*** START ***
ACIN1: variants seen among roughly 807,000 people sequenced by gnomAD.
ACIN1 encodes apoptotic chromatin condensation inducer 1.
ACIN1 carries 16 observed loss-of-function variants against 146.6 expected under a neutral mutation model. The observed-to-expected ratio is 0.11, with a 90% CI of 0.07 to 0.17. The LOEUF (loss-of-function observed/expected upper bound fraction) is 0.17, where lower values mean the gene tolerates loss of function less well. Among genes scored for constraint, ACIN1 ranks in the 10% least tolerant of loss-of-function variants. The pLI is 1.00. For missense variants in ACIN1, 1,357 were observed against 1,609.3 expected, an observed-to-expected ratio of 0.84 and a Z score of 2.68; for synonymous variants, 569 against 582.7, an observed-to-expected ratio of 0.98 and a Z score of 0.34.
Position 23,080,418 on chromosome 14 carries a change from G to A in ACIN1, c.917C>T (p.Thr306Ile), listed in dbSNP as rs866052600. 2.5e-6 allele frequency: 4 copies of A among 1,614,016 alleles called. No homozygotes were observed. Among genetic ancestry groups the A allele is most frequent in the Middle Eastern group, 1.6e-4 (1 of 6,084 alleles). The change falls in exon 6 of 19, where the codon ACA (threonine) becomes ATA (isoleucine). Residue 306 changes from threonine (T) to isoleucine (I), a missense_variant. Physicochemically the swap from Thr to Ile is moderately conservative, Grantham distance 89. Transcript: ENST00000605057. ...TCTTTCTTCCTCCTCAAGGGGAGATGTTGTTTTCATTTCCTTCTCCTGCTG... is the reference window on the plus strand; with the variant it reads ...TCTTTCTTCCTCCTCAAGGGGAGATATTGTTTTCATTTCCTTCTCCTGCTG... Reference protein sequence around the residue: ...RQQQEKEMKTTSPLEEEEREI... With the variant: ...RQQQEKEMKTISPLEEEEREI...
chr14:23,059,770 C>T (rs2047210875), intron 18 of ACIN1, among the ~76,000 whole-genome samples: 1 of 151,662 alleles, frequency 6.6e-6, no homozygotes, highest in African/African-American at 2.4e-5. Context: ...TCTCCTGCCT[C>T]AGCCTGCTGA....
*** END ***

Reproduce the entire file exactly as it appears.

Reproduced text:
ACIN1: variants seen among roughly 807,000 people sequenced by gnomAD.
ACIN1 encodes apoptotic chromatin condensation inducer 1.
ACIN1 carries 16 observed loss-of-function variants against 146.6 expected under a neutral mutation model. The observed-to-expected ratio is 0.11, with a 90% CI of 0.07 to 0.17. The LOEUF (loss-of-function observed/expected upper bound fraction) is 0.17, where lower values mean the gene tolerates loss of function less well. Among genes scored for constraint, ACIN1 ranks in the 10% least tolerant of loss-of-function variants. The pLI is 1.00. For missense variants in ACIN1, 1,357 were observed against 1,609.3 expected, an observed-to-expected ratio of 0.84 and a Z score of 2.68; for synonymous variants, 569 against 582.7, an observed-to-expected ratio of 0.98 and a Z score of 0.34.
Position 23,080,418 on chromosome 14 carries a change from G to A in ACIN1, c.917C>T (p.Thr306Ile), listed in dbSNP as rs866052600. 2.5e-6 allele frequency: 4 copies of A among 1,614,016 alleles called. No homozygotes were observed. Among genetic ancestry groups the A allele is most frequent in the Middle Eastern group, 1.6e-4 (1 of 6,084 alleles). The change falls in exon 6 of 19, where the codon ACA (threonine) becomes ATA (isoleucine). Residue 306 changes from threonine (T) to isoleucine (I), a missense_variant. Physicochemically the swap from Thr to Ile is moderately conservative, Grantham distance 89. Transcript: ENST00000605057. ...TCTTTCTTCCTCCTCAAGGGGAGATGTTGTTTTCATTTCCTTCTCCTGCTG... is the reference window on the plus strand; with the variant it reads ...TCTTTCTTCCTCCTCAAGGGGAGATATTGTTTTCATTTCCTTCTCCTGCTG... Reference protein sequence around the residue: ...RQQQEKEMKTTSPLEEEEREI... With the variant: ...RQQQEKEMKTISPLEEEEREI...
chr14:23,059,770 C>T (rs2047210875), intron 18 of ACIN1, among the ~76,000 whole-genome samples: 1 of 151,662 alleles, frequency 6.6e-6, no homozygotes, highest in African/African-American at 2.4e-5. Context: ...TCTCCTGCCT[C>T]AGCCTGCTGA....